Former President Donald Trump’s second impeachment trial will begin in the Senate at 1 p.m. EST Tuesday. The upper chamber will serve as the jury in the case against Trump, determining whether to convict or acquit him for charges levied by the House of Representatives.
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The House voted to impeach the former president one week after a pro-Trump mob ransacked the US Capitol as lawmakers voted to certify the results of President Joe Biden’s victory in the November election. Five people died in the assault.
Hours of debate are expected on a range of issues, including the constitutionality of impeaching a president after they have left office, whether Trump goaded the mob into insurrection and if Senators can vote to bar the former president from holding public office in the future.
Coverage of the impeachment is expected to be widespread. Here is what to expect from the second impeachment trial of former President Trump.
Tuesday: Vote on trial’s constitutionality
Before the trial can begin, senators will debate whether it is within their power to hold the trial at all. Several GOP senators and some conservative legal scholars have theorized a post-presidency trial is unconstitutional, but most legal experts believe a trial is constitional.
The Senate will devote four hours of debate on the issue where senators can make the case for and against Congress’ jurisdiction in impeaching a former president.
The vote on whether the impeachment is constitutional is widely seen as a bellwether for how senators, especially Republicans, will vote in the trial.
Wednesday and Thursday: Prosecution opening arguments
After the trial begins, the nine impeachment managers from the House of Representatives, including House Speaker Nancy Pelosi, will present their case as to why the president deserves to be convicted by the Senate.
The cases cannot exceed sixteen hours in total, meaning debate will probably be spread out over the first two days of the trial.
Friday, Saturday and Sunday: Defensive opening arguments
After the prosecution has had its say, lawyers for former President Trump will mount their defense with another sixteen hours of floor time. If the defense continues past Friday at 5 p.m., lawmakers are set to reconvene Sunday as Saturday is reserved for the Sabbath.
The Trump legal team, however, has withdrawn its request to avoid the Sabbath, so the Senate will probably meet Saturday rather than Sunday. Trials always run six days per week, which is usually Monday through Saturday. The Senate has not yet agreed to Saturday hearings, though.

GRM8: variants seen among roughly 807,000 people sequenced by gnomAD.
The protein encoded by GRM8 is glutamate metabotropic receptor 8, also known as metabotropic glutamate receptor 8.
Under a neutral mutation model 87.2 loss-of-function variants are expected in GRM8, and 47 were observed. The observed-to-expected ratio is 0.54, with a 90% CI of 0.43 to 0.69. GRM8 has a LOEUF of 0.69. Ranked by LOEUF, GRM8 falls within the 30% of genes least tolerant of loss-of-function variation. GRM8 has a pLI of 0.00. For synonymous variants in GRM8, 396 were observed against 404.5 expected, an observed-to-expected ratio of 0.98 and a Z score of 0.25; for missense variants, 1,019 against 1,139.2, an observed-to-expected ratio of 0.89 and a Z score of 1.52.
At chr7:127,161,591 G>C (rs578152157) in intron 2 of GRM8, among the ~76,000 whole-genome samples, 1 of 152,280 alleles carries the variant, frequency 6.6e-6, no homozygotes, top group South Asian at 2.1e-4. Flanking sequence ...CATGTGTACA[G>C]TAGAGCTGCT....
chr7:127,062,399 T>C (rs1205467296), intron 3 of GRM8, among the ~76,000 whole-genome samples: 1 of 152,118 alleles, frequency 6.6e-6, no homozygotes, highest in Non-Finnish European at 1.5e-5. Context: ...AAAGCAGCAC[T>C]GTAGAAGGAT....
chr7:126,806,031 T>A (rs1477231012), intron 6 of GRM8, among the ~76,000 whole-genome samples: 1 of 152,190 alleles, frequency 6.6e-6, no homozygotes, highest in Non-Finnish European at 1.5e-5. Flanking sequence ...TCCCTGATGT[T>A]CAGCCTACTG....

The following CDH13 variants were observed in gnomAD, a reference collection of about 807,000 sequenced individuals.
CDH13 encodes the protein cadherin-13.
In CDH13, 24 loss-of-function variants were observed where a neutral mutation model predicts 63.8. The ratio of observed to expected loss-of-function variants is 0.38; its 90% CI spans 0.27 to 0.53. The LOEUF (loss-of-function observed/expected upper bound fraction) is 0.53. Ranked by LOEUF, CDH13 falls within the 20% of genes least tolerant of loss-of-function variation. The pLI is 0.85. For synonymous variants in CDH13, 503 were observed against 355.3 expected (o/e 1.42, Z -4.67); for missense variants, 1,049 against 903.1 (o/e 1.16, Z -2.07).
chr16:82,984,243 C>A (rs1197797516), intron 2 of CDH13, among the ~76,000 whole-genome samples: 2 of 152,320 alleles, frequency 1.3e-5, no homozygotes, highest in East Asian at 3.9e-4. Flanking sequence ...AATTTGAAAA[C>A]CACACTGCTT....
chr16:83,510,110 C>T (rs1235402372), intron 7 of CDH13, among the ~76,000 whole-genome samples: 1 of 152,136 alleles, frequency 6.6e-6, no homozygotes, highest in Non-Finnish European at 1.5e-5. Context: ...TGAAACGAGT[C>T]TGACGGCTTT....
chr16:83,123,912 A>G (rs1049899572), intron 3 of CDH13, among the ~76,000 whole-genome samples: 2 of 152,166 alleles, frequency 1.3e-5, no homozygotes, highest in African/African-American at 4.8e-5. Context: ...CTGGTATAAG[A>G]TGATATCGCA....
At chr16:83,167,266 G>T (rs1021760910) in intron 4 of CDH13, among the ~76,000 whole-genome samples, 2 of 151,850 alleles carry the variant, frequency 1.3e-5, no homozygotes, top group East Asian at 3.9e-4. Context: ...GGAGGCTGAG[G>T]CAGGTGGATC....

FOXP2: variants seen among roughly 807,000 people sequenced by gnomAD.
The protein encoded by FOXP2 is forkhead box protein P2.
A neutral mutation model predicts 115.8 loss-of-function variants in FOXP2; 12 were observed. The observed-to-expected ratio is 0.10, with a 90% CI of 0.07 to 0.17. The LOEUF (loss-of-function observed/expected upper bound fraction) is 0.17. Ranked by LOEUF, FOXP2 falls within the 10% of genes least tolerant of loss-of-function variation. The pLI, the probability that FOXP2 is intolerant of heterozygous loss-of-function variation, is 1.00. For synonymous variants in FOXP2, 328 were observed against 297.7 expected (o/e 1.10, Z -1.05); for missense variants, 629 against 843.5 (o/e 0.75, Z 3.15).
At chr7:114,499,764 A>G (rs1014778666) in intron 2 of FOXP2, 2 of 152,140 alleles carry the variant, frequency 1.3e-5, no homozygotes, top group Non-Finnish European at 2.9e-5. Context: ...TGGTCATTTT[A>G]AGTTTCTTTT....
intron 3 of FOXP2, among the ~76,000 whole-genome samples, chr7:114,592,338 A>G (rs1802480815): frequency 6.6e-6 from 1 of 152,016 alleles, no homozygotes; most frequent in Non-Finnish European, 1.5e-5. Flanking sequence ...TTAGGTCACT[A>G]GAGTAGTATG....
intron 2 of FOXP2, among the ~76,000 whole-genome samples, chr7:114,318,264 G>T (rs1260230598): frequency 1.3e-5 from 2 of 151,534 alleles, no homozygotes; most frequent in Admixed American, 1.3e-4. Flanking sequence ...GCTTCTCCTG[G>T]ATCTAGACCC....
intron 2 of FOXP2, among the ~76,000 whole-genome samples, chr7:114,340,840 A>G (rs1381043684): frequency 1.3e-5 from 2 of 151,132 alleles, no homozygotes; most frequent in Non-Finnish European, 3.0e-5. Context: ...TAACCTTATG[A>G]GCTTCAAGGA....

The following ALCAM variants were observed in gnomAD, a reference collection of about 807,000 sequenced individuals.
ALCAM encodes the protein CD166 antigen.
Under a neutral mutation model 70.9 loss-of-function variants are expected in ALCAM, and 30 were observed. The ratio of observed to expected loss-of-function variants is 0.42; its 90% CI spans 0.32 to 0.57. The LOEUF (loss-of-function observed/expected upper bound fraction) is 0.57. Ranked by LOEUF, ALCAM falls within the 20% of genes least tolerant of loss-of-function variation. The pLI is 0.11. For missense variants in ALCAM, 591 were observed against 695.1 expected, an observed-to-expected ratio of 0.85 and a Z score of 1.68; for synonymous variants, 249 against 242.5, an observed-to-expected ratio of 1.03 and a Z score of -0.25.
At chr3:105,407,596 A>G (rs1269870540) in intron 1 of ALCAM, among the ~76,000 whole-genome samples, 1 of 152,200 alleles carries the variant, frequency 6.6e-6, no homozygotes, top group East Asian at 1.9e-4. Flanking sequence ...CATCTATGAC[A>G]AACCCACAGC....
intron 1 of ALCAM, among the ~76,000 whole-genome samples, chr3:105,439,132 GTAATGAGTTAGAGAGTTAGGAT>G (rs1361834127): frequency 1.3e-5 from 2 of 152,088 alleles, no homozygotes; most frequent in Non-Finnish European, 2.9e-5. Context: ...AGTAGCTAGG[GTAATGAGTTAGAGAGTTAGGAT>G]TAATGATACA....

Sunday or Feb. 15: Senators ask questions
After both sides have made their arguments, senators will have the opportunity to ask any questions they please about the cases made and evidence provided. Lawmakers can ask both the prosecution and the defense these questions.
Senators will write down their questions and the presiding officer of the Senate, currently Sen. Patrick Leahy, D-Vt., will pose the questions to either the impeachment managers of Trump’s legal team. This phase of the trial will take four hours.
February 15 and thereafter: Debate over witnesses
After formal cases have been made for and against Trump, senators will deliberate on whether they will bring any witnesses to testify in front of the chamber. The situation is especially complicated as lawmakers were themselves witnesses to and victims of the Capitol riot.
Many lawmakers in both parties also do not want the trial to happen at all; Republicans will likely remain skeptical of the constitutionality of the exercise and not vote for any witnesses. Several Democrats have also pessimistically said that the trial is a futile exercise.
If senators decide to bring many witnesses before the body, the impeachment trial can be significantly slowed down to hold enough time for each testimony. If no witnesses are called, then senators are expected to quickly proceed to a vote on whether to convict or acquit.
The final vote
After any witnesses are heard during the trial of the president, senators will hold a final vote on whether to convict or acquit Trump. Democrats will likely seek a vote afterward on whether to bar Trump from over holding public office, including the presidency, ever again.
Source: USA Today – Breaking News